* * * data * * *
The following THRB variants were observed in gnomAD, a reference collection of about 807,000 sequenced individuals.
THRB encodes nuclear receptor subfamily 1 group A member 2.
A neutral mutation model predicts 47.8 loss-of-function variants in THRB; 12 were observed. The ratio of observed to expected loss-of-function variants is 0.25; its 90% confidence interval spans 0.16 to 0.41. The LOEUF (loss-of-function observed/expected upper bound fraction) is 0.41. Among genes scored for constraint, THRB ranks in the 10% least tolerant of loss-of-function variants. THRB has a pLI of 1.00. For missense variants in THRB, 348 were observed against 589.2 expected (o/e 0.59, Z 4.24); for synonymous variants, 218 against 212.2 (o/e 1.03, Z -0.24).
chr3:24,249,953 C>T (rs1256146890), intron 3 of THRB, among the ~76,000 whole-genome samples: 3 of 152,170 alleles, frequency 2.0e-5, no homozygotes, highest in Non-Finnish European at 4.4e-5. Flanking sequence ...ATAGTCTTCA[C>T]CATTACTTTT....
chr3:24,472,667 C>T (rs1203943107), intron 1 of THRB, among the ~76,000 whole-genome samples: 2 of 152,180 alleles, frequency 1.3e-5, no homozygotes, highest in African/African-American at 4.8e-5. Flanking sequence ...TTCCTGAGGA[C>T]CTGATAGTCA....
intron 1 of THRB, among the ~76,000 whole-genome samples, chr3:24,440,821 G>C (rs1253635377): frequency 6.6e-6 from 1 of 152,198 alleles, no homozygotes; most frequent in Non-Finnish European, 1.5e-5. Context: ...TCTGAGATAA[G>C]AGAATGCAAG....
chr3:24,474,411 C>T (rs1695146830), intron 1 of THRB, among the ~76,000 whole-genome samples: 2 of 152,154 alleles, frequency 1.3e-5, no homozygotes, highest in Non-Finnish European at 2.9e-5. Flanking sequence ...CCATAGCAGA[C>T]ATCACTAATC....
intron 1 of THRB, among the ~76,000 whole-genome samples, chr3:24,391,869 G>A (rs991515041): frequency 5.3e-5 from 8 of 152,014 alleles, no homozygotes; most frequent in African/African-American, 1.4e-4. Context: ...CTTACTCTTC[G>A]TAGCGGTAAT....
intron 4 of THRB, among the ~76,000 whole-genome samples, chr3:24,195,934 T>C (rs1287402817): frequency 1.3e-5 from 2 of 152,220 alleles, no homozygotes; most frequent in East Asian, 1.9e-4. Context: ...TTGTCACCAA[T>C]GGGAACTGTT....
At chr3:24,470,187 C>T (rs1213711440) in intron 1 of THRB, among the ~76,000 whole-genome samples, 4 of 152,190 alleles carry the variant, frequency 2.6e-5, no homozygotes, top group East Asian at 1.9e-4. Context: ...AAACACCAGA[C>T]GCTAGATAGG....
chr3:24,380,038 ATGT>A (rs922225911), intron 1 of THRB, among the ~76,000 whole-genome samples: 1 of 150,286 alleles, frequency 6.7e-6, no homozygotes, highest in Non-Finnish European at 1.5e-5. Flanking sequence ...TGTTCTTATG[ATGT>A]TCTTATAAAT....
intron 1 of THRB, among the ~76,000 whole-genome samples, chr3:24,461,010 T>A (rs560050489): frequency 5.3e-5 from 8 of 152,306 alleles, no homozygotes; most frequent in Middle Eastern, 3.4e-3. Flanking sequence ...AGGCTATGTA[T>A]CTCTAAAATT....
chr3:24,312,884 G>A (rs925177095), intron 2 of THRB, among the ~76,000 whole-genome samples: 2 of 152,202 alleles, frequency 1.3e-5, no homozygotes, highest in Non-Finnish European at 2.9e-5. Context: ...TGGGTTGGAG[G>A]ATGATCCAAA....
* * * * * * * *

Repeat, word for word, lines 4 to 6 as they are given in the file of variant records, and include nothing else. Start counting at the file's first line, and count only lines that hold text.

chr3:24,249,953 C>T (rs1256146890), intron 3 of THRB, among the ~76,000 whole-genome samples: 3 of 152,170 alleles, frequency 2.0e-5, no homozygotes, highest in Non-Finnish European at 4.4e-5. Flanking sequence ...ATAGTCTTCA[C>T]CATTACTTTT....
chr3:24,472,667 C>T (rs1203943107), intron 1 of THRB, among the ~76,000 whole-genome samples: 2 of 152,180 alleles, frequency 1.3e-5, no homozygotes, highest in African/African-American at 4.8e-5. Flanking sequence ...TTCCTGAGGA[C>T]CTGATAGTCA....
intron 1 of THRB, among the ~76,000 whole-genome samples, chr3:24,440,821 G>C (rs1253635377): frequency 6.6e-6 from 1 of 152,198 alleles, no homozygotes; most frequent in Non-Finnish European, 1.5e-5. Context: ...TCTGAGATAA[G>C]AGAATGCAAG....